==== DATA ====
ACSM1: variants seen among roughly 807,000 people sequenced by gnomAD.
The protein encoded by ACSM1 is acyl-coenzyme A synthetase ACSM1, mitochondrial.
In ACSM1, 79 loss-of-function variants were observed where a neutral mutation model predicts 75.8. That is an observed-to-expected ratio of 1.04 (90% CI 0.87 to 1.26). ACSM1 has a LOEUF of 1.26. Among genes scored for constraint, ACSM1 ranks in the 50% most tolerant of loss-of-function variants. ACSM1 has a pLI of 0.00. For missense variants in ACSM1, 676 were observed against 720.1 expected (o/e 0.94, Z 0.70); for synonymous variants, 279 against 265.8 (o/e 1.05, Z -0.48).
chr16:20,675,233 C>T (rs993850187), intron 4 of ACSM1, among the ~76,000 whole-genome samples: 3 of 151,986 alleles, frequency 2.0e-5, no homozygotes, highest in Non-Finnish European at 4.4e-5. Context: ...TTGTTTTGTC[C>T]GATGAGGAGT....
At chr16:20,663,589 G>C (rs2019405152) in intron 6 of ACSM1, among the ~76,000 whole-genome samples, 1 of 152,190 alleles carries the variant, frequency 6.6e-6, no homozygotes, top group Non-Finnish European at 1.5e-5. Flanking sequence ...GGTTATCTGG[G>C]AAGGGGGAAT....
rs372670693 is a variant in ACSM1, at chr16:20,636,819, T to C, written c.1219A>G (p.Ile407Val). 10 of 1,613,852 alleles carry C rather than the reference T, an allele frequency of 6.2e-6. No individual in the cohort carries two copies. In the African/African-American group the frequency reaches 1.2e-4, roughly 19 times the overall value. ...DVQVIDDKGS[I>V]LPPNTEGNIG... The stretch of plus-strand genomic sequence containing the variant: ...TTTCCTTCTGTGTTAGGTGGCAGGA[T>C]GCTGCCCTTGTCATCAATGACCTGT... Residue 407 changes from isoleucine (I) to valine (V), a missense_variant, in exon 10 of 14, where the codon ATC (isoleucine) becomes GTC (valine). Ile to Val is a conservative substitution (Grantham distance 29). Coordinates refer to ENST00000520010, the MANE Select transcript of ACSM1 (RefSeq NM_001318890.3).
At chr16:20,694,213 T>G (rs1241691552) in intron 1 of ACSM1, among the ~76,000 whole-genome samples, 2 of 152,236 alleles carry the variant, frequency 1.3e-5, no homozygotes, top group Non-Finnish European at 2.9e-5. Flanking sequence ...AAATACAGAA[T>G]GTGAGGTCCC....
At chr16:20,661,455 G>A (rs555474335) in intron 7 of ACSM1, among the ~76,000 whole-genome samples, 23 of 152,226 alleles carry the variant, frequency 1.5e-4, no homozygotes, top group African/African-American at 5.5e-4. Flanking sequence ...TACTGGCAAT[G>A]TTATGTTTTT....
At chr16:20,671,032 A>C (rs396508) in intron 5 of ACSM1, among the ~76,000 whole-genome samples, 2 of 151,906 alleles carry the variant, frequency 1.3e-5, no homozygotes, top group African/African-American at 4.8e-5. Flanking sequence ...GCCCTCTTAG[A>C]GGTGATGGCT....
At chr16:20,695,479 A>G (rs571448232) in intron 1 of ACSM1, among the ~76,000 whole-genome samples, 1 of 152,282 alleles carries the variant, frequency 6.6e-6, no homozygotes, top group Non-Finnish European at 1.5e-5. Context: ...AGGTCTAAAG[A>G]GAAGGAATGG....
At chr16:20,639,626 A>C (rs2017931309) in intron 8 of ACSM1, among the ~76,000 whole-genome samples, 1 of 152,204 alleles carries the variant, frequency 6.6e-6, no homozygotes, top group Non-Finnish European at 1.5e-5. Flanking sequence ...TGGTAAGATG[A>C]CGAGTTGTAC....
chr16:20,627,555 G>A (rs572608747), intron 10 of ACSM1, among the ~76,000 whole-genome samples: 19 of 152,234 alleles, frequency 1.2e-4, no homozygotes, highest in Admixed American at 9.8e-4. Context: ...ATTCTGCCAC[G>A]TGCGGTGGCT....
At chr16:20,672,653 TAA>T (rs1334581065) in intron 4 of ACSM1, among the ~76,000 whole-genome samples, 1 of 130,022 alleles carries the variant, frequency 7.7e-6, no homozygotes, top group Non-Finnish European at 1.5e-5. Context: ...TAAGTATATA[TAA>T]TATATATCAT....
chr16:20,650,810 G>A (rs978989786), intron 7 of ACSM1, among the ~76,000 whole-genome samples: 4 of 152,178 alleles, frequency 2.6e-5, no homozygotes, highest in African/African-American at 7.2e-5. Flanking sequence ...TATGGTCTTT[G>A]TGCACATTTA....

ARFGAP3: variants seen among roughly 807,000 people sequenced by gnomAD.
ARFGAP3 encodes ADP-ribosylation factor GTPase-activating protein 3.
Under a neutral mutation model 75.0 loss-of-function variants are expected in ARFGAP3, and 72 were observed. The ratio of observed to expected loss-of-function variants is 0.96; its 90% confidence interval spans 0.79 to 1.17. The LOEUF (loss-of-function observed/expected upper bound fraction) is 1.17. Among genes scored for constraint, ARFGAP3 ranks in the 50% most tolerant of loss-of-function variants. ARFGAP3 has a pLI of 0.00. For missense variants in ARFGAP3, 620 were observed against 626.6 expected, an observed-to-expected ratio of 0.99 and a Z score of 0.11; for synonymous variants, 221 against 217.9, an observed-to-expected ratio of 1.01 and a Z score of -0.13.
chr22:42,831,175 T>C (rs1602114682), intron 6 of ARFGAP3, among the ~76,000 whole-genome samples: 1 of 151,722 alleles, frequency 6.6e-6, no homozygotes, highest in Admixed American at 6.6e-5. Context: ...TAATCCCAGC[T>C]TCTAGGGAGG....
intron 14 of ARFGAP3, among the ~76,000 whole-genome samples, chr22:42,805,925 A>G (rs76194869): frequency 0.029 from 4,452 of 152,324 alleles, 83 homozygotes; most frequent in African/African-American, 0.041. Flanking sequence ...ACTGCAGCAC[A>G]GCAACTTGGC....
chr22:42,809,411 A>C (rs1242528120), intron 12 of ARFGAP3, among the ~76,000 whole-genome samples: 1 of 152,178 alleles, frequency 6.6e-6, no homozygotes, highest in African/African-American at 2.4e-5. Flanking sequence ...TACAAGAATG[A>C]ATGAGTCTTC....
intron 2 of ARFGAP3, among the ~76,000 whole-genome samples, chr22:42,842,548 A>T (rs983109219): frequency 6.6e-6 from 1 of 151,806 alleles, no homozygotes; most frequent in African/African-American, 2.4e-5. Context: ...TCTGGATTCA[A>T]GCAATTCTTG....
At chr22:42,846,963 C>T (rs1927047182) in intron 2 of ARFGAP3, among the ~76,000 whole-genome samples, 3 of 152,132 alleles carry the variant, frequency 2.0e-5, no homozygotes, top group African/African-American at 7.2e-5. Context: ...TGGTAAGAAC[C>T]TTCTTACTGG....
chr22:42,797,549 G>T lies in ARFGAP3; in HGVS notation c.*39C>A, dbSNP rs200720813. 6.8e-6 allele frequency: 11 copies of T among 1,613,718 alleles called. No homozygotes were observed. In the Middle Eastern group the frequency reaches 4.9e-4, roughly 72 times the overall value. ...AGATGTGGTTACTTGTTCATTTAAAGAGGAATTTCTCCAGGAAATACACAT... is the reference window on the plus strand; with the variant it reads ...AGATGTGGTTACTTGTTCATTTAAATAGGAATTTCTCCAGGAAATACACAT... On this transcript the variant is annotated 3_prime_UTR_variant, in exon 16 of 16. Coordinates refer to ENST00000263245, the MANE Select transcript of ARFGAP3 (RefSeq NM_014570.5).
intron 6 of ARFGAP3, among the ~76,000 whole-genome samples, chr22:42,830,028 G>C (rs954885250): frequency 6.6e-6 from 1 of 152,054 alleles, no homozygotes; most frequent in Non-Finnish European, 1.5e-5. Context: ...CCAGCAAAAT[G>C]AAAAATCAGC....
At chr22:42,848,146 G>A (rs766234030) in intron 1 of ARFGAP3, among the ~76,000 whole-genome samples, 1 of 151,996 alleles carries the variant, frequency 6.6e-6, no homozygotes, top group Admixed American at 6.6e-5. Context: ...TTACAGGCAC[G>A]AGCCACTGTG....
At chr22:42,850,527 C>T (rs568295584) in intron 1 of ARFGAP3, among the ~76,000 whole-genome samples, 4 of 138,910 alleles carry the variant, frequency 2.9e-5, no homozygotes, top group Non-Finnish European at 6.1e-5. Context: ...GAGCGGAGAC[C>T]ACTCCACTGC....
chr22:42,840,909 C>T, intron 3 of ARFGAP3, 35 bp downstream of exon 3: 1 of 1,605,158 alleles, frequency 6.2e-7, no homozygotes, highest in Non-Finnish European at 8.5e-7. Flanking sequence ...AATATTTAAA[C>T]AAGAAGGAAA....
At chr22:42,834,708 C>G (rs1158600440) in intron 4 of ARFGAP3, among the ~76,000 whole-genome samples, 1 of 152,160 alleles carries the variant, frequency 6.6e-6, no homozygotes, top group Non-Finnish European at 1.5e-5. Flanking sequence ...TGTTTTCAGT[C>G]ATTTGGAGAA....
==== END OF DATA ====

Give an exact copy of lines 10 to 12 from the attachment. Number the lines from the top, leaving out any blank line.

At chr16:20,695,479 A>G (rs571448232) in intron 1 of ACSM1, among the ~76,000 whole-genome samples, 1 of 152,282 alleles carries the variant, frequency 6.6e-6, no homozygotes, top group Non-Finnish European at 1.5e-5. Context: ...AGGTCTAAAG[A>G]GAAGGAATGG....
At chr16:20,639,626 A>C (rs2017931309) in intron 8 of ACSM1, among the ~76,000 whole-genome samples, 1 of 152,204 alleles carries the variant, frequency 6.6e-6, no homozygotes, top group Non-Finnish European at 1.5e-5. Flanking sequence ...TGGTAAGATG[A>C]CGAGTTGTAC....
chr16:20,627,555 G>A (rs572608747), intron 10 of ACSM1, among the ~76,000 whole-genome samples: 19 of 152,234 alleles, frequency 1.2e-4, no homozygotes, highest in Admixed American at 9.8e-4. Context: ...ATTCTGCCAC[G>A]TGCGGTGGCT....